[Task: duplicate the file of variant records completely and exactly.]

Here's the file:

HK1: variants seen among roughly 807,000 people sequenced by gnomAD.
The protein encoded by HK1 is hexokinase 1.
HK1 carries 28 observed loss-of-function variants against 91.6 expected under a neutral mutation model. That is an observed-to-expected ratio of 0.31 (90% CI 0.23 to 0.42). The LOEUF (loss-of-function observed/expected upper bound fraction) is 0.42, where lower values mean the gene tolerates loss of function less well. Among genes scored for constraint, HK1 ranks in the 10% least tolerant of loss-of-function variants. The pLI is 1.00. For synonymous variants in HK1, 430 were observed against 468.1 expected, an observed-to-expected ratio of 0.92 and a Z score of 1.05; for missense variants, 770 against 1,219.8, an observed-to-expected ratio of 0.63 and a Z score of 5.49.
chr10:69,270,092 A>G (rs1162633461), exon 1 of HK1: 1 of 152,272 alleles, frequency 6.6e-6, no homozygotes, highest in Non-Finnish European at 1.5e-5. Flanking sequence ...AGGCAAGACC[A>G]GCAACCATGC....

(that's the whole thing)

HK1: variants seen among roughly 807,000 people sequenced by gnomAD.
The protein encoded by HK1 is hexokinase 1.
HK1 carries 28 observed loss-of-function variants against 91.6 expected under a neutral mutation model. That is an observed-to-expected ratio of 0.31 (90% CI 0.23 to 0.42). The LOEUF (loss-of-function observed/expected upper bound fraction) is 0.42, where lower values mean the gene tolerates loss of function less well. Among genes scored for constraint, HK1 ranks in the 10% least tolerant of loss-of-function variants. The pLI is 1.00. For synonymous variants in HK1, 430 were observed against 468.1 expected, an observed-to-expected ratio of 0.92 and a Z score of 1.05; for missense variants, 770 against 1,219.8, an observed-to-expected ratio of 0.63 and a Z score of 5.49.
chr10:69,270,092 A>G (rs1162633461), exon 1 of HK1: 1 of 152,272 alleles, frequency 6.6e-6, no homozygotes, highest in Non-Finnish European at 1.5e-5. Flanking sequence ...AGGCAAGACC[A>G]GCAACCATGC....